In a groundbreaking move, U.S. Representative Lori Trahan and Senator Edward J. Markey unveiled the Bridging the Supplemental Nutrition Assistance Program (SNAP) Gap Act on Thursday, an ambitious legislative proposal aimed at broadening SNAP benefits for young adults, families, and individuals with regular medical expenses. The Act seeks to dismantle restrictive rules that have curtailed eligibility and benefit levels, offering a support to millions of Americans in need.
Among the key highlights of the proposed legislation is a significant financial boost for the food stamps beneficiaries, allowing working students aged 17 to 21 to continue receiving benefits under their families’ coverage. Moreover, the Bridging the SNAP Gap Act seeks to extend existing rules to include seniors and people with disabilities. These individuals will now be eligible for higher monthly benefits if they spend at least $35 each month on health-related expenses.
More money for the food stamps beneficiaries
According to the Bridging the SNAP Gap Act text, these are the new benefits to be introduced, if the act passes and gets approved. First, it will increase the student income exclusion age from 17 to 21 to enable young individuals to qualify for SNAP benefits while being part of their parent(s)’ household, without diminishing the total amount of SNAP benefits the family is eligible to receive.
Also, it will guarantee that all the SNAP recipients can access to additional if they have at least $35 of monthly medical expenses. Furthermore, it will cut down and streamline paperwork for the medical expense deduction floor, currently at $165 in 2023, with increases mirroring that of Medicare Part B rates.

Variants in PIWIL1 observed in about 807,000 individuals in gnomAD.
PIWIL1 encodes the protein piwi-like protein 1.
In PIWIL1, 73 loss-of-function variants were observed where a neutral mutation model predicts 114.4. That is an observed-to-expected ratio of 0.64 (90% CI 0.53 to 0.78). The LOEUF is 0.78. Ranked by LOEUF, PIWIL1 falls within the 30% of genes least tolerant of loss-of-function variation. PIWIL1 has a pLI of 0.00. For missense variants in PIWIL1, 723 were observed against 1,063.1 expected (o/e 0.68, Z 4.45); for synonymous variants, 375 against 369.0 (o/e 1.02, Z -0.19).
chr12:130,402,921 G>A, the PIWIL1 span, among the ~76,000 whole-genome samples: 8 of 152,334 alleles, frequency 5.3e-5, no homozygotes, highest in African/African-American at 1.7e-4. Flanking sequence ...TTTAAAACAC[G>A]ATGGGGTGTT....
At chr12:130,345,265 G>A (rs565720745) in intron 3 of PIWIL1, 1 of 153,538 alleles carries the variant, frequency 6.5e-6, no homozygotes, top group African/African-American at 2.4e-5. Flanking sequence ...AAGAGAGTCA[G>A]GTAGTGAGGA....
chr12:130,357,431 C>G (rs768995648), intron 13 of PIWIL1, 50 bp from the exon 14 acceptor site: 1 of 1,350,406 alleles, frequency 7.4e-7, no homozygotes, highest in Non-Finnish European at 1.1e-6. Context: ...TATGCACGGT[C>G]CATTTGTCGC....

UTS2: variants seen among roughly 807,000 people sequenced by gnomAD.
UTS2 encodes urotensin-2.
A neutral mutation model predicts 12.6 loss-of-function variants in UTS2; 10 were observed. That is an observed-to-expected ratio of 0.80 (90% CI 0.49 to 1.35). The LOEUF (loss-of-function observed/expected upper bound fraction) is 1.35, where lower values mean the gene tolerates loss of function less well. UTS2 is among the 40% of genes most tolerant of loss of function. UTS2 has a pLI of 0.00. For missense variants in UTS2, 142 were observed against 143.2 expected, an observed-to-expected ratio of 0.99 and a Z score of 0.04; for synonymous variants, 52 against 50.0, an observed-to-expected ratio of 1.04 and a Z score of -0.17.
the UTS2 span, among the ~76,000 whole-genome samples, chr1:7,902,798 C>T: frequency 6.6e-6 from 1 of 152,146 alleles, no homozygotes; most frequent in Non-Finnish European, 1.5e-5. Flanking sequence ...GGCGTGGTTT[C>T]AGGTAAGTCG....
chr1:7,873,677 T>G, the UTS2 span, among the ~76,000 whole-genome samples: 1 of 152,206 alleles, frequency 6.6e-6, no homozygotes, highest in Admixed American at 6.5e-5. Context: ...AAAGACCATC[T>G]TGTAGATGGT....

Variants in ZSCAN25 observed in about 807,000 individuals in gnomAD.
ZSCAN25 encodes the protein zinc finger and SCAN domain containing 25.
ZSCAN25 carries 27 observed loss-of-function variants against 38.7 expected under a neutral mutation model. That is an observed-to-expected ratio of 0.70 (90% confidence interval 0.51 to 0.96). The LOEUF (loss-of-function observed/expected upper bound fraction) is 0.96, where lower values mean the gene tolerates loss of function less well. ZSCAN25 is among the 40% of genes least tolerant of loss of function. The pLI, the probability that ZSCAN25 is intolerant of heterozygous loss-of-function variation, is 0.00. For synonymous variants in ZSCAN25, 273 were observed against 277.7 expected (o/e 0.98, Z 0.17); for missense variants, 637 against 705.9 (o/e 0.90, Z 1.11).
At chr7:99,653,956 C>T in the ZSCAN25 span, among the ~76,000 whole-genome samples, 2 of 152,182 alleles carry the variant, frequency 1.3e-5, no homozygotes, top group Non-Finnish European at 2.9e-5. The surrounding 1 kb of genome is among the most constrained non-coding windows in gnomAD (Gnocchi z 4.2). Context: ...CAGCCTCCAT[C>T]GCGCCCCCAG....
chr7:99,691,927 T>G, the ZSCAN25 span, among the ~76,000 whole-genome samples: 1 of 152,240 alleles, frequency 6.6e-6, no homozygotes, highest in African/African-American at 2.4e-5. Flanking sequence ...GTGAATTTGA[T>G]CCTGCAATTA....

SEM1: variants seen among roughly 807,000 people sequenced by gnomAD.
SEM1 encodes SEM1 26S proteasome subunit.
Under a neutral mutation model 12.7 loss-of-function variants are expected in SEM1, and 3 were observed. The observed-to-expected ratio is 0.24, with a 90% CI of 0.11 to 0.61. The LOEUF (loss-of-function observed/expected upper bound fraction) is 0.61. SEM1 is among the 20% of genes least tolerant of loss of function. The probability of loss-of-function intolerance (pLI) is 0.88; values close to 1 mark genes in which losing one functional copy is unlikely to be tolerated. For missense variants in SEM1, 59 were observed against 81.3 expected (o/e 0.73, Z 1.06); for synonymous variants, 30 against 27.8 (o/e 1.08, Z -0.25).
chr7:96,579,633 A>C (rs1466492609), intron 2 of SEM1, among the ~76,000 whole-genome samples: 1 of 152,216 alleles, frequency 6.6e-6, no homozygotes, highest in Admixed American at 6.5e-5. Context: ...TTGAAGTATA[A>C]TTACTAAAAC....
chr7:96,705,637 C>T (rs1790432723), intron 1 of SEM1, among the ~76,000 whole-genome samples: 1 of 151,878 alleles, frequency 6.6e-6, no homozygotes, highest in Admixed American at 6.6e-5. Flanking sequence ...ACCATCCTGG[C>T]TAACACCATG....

This act is endorsed by mayor organizations that work against hunger in the United States, such as: Hunger Free America, Bread for the World, Share Our Strength, Alliance to End Hunger, Massachusetts Law Reform Institute, Project Bread, The Greater Boston Food Bank, Food Bank of Western Massachusetts, Merrimack Valley Food Bank, Coalition for a Healthy Greater Worcester, and Worcester Food Bank.
Who qualifies for the SNAP benefits in 2023
Since the SNAP program is federal-run, individuals and households must meet certain nationwide-applying criteria, as follows:
- Gross monthly income limit: It’s the total household income before any deductions from the program, and must typically be equal to or below 130% of the poverty line. For example, for a family of three, the poverty line used to calculate SNAP benefits in the federal fiscal year 2023 is $1,920 per month. Therefore, 130%of the poverty line for a family of three amounts to $2,495 per month, approximately $29,940 per year. Larger families have a higher poverty line, while smaller families have a lower one.
- Net monthly income limit: It’s the household’s income after deductions are applied, and it must be at or below the poverty line.
- Household’s assets must fall below certain limits: households without a member aged 60 or older or who has a disability must have assets below $2,750, and households with such a member must posses assets of $4,250 or less. An asset is a resource that could be available to purchase food, such as bank accounts and their available amounts.
- Who is ineligible? There are certain categories of people who cannot receive SNAP benefits regardless of their income or assets. These include individuals who are on strike, those without a documented immigration status, some students attending college more than half-time. Also, certain immigrants with lawful presence could not request the food stamps.